I don't mean to be an alarmist, but I thought you should know that the holidays come every year—whether you’re ready or not. I understand that the magic of the season begins to fades as soon we as start discussing how much we spent on the holidays. But on the bright side, now is the perfect time to plan for the 2009 holiday season.
Holiday expenses are periodic, meaning they are not part of regular monthly expenditures. In that regard, they join the ranks of other expenses such as auto registrations, vacations, and taxes (coming soon!) Often, we know when these events will occur, but still fail to plan for them. Using credit to extend your monthly income is one sign of pending financial trouble. Fortunately, there are ways to avoid this scenario in 2009:
-Determine what you spent on the holidays in 2008. Assume that you will spend slightly more than that amount in 2009.
-Don’t hide expenses! Just because you don’t list an expense doesn’t mean you won’t have to spend money on it. Don’t forget things like gift wrap, babysitting, new clothing, postage, and food.
-Divide the total amount of money you plan to spend on the 2009 holidays by 12 and save that amount each month. Yes, you do really need to start in January.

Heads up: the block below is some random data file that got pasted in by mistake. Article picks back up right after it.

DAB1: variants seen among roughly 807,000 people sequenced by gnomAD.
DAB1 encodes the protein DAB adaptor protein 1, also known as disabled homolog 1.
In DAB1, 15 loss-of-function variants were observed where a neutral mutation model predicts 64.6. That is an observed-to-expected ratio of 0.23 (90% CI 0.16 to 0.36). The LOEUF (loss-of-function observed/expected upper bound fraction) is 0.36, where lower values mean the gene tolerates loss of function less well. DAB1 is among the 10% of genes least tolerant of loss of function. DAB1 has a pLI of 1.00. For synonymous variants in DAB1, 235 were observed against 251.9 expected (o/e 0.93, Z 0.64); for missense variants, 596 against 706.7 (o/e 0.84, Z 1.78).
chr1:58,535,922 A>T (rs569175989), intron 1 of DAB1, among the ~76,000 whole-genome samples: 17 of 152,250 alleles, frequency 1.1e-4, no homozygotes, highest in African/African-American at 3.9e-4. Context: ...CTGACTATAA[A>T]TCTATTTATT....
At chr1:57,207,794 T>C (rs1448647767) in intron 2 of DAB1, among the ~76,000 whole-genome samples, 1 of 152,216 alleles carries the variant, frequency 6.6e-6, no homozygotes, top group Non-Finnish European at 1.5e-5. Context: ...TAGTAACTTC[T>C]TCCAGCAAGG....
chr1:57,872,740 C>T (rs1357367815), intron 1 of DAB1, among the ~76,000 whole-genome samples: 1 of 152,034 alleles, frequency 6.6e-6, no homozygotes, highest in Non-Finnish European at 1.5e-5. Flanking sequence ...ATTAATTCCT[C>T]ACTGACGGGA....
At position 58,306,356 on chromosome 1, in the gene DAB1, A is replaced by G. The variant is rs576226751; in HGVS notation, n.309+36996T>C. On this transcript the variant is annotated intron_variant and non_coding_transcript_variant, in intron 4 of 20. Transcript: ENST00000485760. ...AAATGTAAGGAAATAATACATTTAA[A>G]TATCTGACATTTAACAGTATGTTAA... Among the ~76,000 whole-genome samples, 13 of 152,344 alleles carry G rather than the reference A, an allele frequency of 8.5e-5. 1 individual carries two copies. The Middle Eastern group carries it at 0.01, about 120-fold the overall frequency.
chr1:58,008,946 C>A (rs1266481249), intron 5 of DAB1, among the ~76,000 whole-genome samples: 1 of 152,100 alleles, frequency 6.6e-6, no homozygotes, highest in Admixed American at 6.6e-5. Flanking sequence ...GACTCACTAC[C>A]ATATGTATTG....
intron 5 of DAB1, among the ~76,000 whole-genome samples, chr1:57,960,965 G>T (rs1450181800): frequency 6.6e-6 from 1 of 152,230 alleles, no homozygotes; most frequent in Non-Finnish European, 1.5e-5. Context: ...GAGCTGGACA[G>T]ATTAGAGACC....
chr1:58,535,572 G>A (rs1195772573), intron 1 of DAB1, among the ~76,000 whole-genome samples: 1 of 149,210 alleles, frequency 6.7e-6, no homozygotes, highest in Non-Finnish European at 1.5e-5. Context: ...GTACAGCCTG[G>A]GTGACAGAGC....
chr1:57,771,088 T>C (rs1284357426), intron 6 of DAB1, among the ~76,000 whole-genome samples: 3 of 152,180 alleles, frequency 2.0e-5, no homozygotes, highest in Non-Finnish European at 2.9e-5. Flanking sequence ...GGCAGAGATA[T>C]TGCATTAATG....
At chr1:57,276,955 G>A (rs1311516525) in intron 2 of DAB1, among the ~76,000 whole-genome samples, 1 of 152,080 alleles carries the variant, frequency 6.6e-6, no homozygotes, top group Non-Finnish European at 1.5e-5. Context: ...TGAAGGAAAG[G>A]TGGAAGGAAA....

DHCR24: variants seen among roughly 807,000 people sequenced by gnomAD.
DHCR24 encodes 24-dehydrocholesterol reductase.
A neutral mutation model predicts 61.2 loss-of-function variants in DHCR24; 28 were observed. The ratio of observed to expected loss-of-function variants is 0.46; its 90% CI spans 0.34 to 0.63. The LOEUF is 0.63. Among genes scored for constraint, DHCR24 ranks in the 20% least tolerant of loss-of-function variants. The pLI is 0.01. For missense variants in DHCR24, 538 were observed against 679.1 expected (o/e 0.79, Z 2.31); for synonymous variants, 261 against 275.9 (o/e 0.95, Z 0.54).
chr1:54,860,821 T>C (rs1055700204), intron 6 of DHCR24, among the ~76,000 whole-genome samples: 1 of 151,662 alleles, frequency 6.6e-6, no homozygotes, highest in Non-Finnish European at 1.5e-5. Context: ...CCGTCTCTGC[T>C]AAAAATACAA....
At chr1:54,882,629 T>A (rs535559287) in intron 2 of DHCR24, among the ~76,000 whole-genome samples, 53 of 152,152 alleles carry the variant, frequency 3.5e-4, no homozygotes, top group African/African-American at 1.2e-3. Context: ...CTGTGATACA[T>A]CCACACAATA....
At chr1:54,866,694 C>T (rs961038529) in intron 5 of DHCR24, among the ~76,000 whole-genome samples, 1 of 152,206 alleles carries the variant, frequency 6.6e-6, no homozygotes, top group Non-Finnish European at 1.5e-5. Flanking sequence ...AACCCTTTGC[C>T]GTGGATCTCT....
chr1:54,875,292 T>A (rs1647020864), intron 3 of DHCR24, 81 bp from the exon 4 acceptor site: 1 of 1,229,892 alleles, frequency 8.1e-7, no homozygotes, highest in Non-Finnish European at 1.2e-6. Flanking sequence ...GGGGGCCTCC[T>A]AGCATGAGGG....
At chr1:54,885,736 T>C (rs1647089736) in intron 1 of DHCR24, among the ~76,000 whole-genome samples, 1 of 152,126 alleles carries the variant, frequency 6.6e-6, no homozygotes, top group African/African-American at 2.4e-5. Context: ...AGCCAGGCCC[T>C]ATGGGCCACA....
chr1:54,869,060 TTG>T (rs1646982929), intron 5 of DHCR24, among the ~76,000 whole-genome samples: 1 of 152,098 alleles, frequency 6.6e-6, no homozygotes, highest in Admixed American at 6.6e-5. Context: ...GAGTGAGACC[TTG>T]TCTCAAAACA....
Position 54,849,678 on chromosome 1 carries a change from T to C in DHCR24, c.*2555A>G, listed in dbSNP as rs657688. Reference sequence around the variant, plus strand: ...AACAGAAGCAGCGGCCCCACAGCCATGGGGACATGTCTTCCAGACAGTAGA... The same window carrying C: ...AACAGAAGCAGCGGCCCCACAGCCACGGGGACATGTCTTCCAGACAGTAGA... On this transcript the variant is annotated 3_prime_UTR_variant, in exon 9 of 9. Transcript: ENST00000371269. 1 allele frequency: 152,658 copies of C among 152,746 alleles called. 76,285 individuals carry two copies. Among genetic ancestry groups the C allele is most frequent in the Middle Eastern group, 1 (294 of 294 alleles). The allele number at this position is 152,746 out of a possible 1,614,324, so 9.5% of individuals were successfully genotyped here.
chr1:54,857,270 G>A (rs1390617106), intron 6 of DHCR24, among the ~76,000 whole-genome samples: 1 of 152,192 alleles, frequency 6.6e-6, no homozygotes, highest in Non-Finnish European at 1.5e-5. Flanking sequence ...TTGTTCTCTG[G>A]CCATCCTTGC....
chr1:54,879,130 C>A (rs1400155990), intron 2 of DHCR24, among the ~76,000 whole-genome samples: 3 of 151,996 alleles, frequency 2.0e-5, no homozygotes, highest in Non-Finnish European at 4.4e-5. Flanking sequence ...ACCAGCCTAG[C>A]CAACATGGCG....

-Remember the old Christmas Clubs? Create your own by designating a savings account for this purpose may help to organize this process. Check with your financial institution, you may even be able to have the amount automatically transferred.
-To accelerate your savings schedule, resolve to include all of your "windfall" money. This “free money” includes increased income from a pay increase, birthday gifts, insurance settlements, escrow overages, tax refunds, and inheritances.
Finally, set a goal for paying off any 2008 holiday debt in a reasonable amount of time. Keep in mind that a $1,000 charge can take more than 12 years to pay-off if your interest rate is 18 percent and you make only the minimum monthly payment. (Try this: Plug in your own numbers at Bankrate.com.)